The money part is largely up to you (check out the jobs on offer in the Middle East). The career part, also, is up to you. I’m consistently impressed by how this field is growing and all of the ways one can continue to develop. The best way to respond to Uncle Bob on this one might be to buy an extravagant bottle of wine to share and watch how unaffected you are by the bill. That, or ask how many holiday days he has and tries to hold back the laughter.
3. “How can you teach English in Spain when you don’t know any Spanish?”
There are a lot of comments similar to this from those who regard our profession as some sort of strange wizardry. My brother is a fan of the film The Thirteenth Warrior with Antonio Banderas (no, I would not recommend that you waste your time watching it). In it, Antonio’s character, a Middle Easterner traveling around with a group of Norsemen, displays extraordinary language learning ability. After traveling around with the band of Norseman for a few weeks and understanding nothing of their exotic language, there is a scene at a campfire where he astounds his fellow travelers by suddenly speaking fluently in their native tongue. The insinuation is that he was able to passively soak up the language in a matter of weeks. My brother still believes that this is how languages are learned. I think he was surprised during his last visit to Vietnam where after three weeks he still struggled to say “thank you” with passable pronunciation.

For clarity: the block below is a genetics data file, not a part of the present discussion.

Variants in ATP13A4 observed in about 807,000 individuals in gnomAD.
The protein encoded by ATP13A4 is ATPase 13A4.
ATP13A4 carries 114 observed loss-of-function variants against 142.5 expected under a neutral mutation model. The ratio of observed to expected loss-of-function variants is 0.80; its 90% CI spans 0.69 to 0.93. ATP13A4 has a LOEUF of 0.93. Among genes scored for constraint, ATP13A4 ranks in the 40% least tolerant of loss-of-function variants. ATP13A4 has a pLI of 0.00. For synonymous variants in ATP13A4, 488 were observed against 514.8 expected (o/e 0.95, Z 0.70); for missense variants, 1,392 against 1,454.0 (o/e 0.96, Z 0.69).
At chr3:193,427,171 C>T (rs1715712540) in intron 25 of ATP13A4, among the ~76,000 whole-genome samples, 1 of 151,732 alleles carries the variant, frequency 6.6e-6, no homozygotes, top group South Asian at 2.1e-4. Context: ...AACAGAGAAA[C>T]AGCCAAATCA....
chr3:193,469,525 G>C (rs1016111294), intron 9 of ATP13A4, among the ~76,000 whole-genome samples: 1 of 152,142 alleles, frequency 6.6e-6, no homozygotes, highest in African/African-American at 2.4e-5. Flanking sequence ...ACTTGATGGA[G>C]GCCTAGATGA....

Honestly, there is something amazing about what we do, but our methods are hardly magical. A lot of the misunderstandings about the TEFL profession stem from a lack of understanding. If you really want to astound uncle Bob (or his kids), show him what you do. Teach them a little bit of the language from the country you’ve been living in using TEFL methodology. Like you felt when you first began teaching or your students feel in your classroom, you may find uncle Bob suddenly imbibed with TEFL fever.
Ultimately though, the worst culprits of not taking the job seriously come from within the profession itself. Many people start teaching not thinking of it as a long-term job. Also, there’s a surprising amount of derision amongst TEFL teachers: Business English teachers who think that teaching doctors and lawyers somehow makes their teaching more worthwhile than a YL teacher or managers who try very hard to make the distinction that they are no longer teachers as if the term carried a bad odor. Likewise, who hasn’t either said or heard someone else at a dinner party, when asked what they do, respond dejectedly, “I’m just a teacher.”
The best way to fight misconceptions about TEFL as not being a real profession is to be professional. Learning a language is one of the most amazing gifts that could be given to an individual. We are quite literally opening closed doors in people’s future, we are bringing worlds together. If you want to up your game, I suggest taking a look at my recent reading list. You can download it by clicking on the link below.